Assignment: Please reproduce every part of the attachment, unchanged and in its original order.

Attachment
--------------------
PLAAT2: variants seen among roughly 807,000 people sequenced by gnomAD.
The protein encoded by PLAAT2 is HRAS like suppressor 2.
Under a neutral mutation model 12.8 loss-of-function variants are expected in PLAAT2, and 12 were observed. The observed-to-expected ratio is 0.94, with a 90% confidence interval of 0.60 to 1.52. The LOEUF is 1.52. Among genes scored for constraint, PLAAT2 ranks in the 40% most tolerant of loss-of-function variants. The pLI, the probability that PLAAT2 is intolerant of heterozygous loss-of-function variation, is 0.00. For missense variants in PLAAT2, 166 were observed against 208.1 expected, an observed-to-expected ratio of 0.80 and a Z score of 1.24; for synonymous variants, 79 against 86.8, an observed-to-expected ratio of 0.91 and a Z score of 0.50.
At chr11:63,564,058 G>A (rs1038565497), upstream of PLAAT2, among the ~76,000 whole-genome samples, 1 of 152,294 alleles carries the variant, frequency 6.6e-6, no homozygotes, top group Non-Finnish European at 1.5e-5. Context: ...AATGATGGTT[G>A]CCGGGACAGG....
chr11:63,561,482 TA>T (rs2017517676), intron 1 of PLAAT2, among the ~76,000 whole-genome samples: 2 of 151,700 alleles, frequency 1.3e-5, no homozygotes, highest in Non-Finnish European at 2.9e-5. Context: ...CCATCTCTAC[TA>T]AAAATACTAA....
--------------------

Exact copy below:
PLAAT2: variants seen among roughly 807,000 people sequenced by gnomAD.
The protein encoded by PLAAT2 is HRAS like suppressor 2.
Under a neutral mutation model 12.8 loss-of-function variants are expected in PLAAT2, and 12 were observed. The observed-to-expected ratio is 0.94, with a 90% confidence interval of 0.60 to 1.52. The LOEUF is 1.52. Among genes scored for constraint, PLAAT2 ranks in the 40% most tolerant of loss-of-function variants. The pLI, the probability that PLAAT2 is intolerant of heterozygous loss-of-function variation, is 0.00. For missense variants in PLAAT2, 166 were observed against 208.1 expected, an observed-to-expected ratio of 0.80 and a Z score of 1.24; for synonymous variants, 79 against 86.8, an observed-to-expected ratio of 0.91 and a Z score of 0.50.
At chr11:63,564,058 G>A (rs1038565497), upstream of PLAAT2, among the ~76,000 whole-genome samples, 1 of 152,294 alleles carries the variant, frequency 6.6e-6, no homozygotes, top group Non-Finnish European at 1.5e-5. Context: ...AATGATGGTT[G>A]CCGGGACAGG....
chr11:63,561,482 TA>T (rs2017517676), intron 1 of PLAAT2, among the ~76,000 whole-genome samples: 2 of 151,700 alleles, frequency 1.3e-5, no homozygotes, highest in Non-Finnish European at 2.9e-5. Context: ...CCATCTCTAC[TA>T]AAAATACTAA....